He has his hands full, and the show is an impressive feat of multitasking. Playing, singing, controlling effects and loops, storytelling, managing a slide show and keeping the audience in the palm of his hand with warmth and wit.

He switches naturally between Welsh and English in song and in telling the story of John Evans. A story told with humour and a feeling of laissez-faire calm amid all the activity. The connection with the audience is easy. Gruff is on home turf and his audience laps up every joke and exchange. Technical hitches are dealt with wit, and become running jokes throughout the 90minute set, and the small room creates a familiarity and intimacy that would have been impossible in a larger venue.

He opens with ‘Honey All Over’, and the set is a mix of solo back catalogue like ‘Gyrru Gyrru Gyrru’, ‘Sensations in the Dark’, ‘Shark Ridden Waters’, ‘Gwn Mi Wn’ and songs from the new album including the title track, ‘Iolo’ and ‘100 unread messages’. Halfway through the set the hauntingly beautiful ‘Walk into the Wilderness’ cuts through the jest and humour to remind us that behind the tales of adventure lies a story of hope, oppression, belief, endurance and tragedy. A 22 year old man, inspired by the age of enlightenment, mythological tales of Prince Madog having discovered America and left behind Welsh-speaking descendants and a wish for freedom from English imperialism. Encouraged by intellectuals like Iolo Morgannwg, who himself wimped out of the expedition last minute, John Evans set out on a suicide mission that not only resulted in the inevitable realisation that there was no such tribe in America, but led to his eventual death aged just 29.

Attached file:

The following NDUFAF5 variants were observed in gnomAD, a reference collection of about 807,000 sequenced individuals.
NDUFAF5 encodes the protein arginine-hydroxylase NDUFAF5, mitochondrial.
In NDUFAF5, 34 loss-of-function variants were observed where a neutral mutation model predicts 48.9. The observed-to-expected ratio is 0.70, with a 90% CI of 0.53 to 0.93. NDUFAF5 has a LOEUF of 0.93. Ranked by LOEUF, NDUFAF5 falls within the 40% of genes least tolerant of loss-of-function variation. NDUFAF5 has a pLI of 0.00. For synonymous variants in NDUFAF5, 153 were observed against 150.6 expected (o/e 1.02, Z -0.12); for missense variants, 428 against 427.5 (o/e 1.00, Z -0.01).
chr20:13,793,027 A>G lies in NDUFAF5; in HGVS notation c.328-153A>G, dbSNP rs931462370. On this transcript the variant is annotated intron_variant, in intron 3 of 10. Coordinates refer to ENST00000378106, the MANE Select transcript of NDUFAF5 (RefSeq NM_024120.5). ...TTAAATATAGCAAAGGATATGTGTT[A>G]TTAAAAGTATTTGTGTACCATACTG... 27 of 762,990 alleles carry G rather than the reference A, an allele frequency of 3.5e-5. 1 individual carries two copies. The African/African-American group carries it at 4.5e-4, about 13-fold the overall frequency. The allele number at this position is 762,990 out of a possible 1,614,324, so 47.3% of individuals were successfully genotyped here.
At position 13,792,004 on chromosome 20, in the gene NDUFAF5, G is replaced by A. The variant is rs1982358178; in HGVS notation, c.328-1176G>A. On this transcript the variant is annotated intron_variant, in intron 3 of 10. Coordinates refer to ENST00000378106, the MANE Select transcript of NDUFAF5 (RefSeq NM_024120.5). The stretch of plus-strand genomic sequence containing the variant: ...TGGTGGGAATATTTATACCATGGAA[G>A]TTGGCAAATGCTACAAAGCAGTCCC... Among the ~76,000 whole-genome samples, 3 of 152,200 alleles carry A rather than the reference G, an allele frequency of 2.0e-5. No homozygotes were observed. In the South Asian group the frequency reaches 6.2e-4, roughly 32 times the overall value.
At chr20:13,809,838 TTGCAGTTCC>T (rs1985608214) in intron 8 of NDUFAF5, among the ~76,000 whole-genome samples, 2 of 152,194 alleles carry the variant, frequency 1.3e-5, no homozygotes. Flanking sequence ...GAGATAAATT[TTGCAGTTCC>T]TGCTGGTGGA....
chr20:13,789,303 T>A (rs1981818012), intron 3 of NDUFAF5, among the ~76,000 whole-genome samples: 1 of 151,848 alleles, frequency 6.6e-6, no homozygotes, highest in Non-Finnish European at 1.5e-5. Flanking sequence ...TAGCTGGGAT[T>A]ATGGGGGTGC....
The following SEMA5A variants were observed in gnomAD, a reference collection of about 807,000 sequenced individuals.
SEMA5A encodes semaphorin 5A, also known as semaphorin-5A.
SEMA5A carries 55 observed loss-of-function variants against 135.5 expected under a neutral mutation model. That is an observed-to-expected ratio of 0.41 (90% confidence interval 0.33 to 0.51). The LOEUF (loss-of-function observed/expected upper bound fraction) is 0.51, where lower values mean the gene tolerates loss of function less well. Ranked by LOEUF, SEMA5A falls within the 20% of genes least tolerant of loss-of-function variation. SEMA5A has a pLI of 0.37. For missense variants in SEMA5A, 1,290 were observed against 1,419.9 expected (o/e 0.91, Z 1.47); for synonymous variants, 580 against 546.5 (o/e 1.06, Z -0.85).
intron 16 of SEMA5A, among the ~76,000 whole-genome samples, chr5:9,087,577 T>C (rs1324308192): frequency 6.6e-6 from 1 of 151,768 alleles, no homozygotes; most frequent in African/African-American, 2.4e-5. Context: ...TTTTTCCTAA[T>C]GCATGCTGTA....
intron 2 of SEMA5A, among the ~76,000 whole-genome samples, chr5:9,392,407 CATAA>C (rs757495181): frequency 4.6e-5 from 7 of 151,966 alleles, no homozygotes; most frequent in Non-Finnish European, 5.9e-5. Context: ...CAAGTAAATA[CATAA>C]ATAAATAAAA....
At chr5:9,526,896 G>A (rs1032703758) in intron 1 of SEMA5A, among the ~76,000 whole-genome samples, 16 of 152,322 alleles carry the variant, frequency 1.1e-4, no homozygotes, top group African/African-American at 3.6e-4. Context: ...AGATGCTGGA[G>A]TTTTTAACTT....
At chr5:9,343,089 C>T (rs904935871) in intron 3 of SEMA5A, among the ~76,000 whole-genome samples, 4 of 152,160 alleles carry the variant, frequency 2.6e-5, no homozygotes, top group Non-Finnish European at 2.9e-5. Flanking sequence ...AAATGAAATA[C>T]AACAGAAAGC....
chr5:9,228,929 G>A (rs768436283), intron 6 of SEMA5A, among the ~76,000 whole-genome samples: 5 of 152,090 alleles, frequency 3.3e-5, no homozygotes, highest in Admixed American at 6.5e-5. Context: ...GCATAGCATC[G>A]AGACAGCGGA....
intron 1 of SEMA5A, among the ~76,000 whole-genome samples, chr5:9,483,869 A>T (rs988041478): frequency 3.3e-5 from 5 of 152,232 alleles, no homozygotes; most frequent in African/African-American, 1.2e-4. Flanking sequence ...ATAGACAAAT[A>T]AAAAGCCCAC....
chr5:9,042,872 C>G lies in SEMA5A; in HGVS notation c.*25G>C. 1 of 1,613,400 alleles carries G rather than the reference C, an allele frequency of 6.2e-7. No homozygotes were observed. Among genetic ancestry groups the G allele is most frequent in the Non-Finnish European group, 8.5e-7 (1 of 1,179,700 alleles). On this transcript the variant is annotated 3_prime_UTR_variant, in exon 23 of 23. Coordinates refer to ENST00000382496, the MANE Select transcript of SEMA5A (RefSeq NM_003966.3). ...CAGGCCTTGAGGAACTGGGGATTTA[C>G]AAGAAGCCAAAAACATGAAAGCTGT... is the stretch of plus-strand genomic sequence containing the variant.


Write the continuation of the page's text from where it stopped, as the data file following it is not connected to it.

Gruff delivers a thought provoking and inspiring experience that sits in the borderlands between music and art, reality and myth, comedy and tragedy.

As the concert ends the audience make their way back into the still warm spring evening. Walking through the graveyard surrounding Acapela, smoking their post-sensory experience cigarettes, laughing, comparing notes. Hopefully with a reminder of the fragility and vulnerability of the Welsh language and culture, and maybe a lesson that the way ahead is to be brave and follow in John Evans’ footsteps by moving forward, exploring and not accepting a situation as inevitable.

Illustration by Dean Lewis